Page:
Local Zooming

Example of the Local Zooming UX pattern.

Problem

People want details when they want them without losing context.

Solution

Show an overview of your information with the ability to select specific points to see more details without losing the context.

Context

  • The application displays too much information to effectively show in a single view in any layout (a map, table, etc).
  • Your layout can adjust to show more detail for particular points of interest without losing or terribly distorting the context.

Rationale

Local Zooming lets the user know the data details without losing the surrounding context.

Another similar approach is Data Tips, which overlays the details rather than modifying the surrounding layout. Data tips obscure the immediate context, though, so using them when that’s okay. If you need the immediate context more than the edge context (i.e., that which will probably flow off the screen when the layout expands), local zooming is probably better. Overview Plus Detail is another viable alternative, though generally speaking the overviews in that pattern have less detail and are meant more as an orienting and navigational device.

This pattern shines when you have local, contextual higher level detail that you don’t want to lose.

Implementation

You need to think about two core things—what to show at each level of detail and how to show it, especially how you will change the layout to show the extra details. For the higher-level view, you should still try to show as much as you can, at least of the salient information that people will use to disambiguate items and make decisions on items as they are perceived in relation to each other.

The local zooming should not be required to effectively use your higher level of information, at least it the higher level should help people hone in on the most likely candidates they are interested in so that they only have to zoom one or a few items to achieve their goals.

Probably the simplest way to implement the local zoom is to expand a row vertically and push surrounding rows down. This assumes a row-based layout. If you have columns, it could expand horizontally, both for rectangles, or even circularly for circular items. If you can, it’s probably best to have a transition that animates so that the change in layout is gradual and not surprising or disorienting to people.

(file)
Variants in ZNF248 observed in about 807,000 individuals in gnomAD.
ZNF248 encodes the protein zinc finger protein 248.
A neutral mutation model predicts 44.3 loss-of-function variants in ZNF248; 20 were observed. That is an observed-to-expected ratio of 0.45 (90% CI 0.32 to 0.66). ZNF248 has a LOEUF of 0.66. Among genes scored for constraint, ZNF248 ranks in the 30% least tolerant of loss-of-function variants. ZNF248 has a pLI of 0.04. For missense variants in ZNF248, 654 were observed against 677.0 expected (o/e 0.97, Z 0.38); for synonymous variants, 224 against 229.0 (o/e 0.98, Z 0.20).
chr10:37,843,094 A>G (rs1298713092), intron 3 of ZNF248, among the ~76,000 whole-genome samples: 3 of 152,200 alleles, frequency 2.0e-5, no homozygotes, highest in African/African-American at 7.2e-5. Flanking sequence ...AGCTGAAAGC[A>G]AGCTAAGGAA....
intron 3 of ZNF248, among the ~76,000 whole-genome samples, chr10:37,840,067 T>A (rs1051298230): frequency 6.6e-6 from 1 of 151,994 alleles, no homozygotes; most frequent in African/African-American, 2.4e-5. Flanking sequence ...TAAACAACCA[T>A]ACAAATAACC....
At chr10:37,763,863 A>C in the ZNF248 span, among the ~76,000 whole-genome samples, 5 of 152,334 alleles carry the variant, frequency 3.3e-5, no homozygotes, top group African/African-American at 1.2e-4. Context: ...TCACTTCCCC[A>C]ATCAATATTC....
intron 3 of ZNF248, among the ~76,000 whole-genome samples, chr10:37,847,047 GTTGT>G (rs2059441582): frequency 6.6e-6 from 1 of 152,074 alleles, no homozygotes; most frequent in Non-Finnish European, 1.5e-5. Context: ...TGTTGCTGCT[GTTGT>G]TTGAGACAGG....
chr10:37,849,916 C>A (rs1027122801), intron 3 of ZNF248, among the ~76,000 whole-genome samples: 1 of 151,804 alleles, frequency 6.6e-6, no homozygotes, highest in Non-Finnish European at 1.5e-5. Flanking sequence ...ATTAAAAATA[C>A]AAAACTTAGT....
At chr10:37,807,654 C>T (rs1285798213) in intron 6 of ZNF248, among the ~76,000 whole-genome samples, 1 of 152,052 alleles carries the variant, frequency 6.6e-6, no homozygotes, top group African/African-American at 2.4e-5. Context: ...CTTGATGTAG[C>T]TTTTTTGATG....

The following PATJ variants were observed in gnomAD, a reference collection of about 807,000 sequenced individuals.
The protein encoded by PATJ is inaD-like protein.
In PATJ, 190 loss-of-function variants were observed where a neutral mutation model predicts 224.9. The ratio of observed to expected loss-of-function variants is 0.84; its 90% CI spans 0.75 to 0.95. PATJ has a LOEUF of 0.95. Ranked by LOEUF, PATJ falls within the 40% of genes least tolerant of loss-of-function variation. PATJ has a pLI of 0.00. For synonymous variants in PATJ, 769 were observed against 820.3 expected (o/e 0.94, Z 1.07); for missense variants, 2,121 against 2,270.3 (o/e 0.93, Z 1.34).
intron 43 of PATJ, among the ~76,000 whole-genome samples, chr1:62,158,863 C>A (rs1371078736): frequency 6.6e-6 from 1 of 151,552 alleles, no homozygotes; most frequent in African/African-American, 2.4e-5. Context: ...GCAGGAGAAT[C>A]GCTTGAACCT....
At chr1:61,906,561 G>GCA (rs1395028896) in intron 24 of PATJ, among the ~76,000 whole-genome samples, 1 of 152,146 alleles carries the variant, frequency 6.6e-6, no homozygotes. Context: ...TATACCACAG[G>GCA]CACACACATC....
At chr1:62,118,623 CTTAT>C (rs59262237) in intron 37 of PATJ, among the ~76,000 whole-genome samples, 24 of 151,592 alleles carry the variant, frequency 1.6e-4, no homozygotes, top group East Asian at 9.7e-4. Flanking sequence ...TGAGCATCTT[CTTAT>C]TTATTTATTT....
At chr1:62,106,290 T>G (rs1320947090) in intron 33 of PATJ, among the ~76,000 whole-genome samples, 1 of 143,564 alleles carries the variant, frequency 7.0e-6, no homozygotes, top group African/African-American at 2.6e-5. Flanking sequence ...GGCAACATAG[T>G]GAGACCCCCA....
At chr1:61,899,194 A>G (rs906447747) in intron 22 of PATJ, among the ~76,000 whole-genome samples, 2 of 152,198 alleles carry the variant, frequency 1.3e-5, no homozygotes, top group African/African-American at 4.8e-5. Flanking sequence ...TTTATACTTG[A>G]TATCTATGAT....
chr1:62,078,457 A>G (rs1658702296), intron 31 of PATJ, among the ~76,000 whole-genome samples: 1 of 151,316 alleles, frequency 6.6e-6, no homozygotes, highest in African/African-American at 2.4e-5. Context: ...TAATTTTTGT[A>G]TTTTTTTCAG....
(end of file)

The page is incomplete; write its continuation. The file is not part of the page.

When the selection expands, you have to decide what to do with surrounding content. The simplest thing is to let it fall off the viewable area. Another option would be to condense surrounding information either for all surrounding or only for edge information; fisheye is one way to do this condensing, but it usually comes at the cost of distorting the immediately surrounding information to the point where it is unintelligible. [This author thinks fisheye is more gimmicky than valuable and usable, at least in the context of this pattern.]

You need to determine how people will select information. Depending on the effect on surrounding information, i.e., if it isn’t dramatic, hover might be a good, light-feeling option to let people easily explore more details. If the effect is dramatic or takes more than little to no perceivable time to execute, a user action that is proportionate should be considered. This could be as simple as a wait hover or, more likely, involve clicking or double-clicking. If the items in the view are difficult to select, you can use Magnetism to help users select the desired one.

Examples

The primary example of DateLens is a PocketPC and Desktop calendar application. It shows several months of the calendar, and when you click on a date, that day’s schedule is displayed using a Transition. Note that the day’s schedule has both maximize and minimize buttons. If you click the minimize one, it will go back to the monthly view. If you click the maximize button, it will further zoom into that day.

http://quince.infragistics.com/10vg

Example of the Local Zooming UX Pattern Example of the Local Zooming UX Pattern

Skype uses this pattern, even though the information density is low compared to other implementations. You see the higher level info of all your contacts, and when you click on one, it expands to show more information.

http://quince.infragistics.com/11ex

Example of the Local Zooming UX Pattern Example of the Local Zooming UX Pattern

The My Customers list in the Infragistics faceOut sample for Silverlight uses this approach on the contact list as well, showing contact information for customers in addition to just their names and photos. It’s a common approach for contact lists, especially on mobile devices or other form factors where space is limited.

http://quince.infragistics.com/11f0

Example of the Local Zooming UX Pattern Example of the Local Zooming UX Pattern

Inxight (now SAP’s) TableLens let the user expand any number of rows. The rows are only expanded vertically, and this screenshot shows three expanded rows.

http://quince.infragistics.com/110z

Example of the Local Zooming UX Pattern Example of the Local Zooming UX Pattern

LG KM900 use this pattern in menu list, to show more information and function without changing/popup screen.

http://quince.infragistics.com/11e6

Example of the Local Zooming UX Pattern Example of the Local Zooming UX Pattern

A tile view is a kind of local zooming. This example shows Infragistics' Avee Talent Management example.

http://quince.infragistics.com/2h8p

Example of the Local Zooming UX Pattern Example of the Local Zooming UX Pattern

Sources

Jennifer Tidwell, Designing Interfaces

University of Maryland, About Datelens

Tags

Map, Displaying Complex Data, Grid.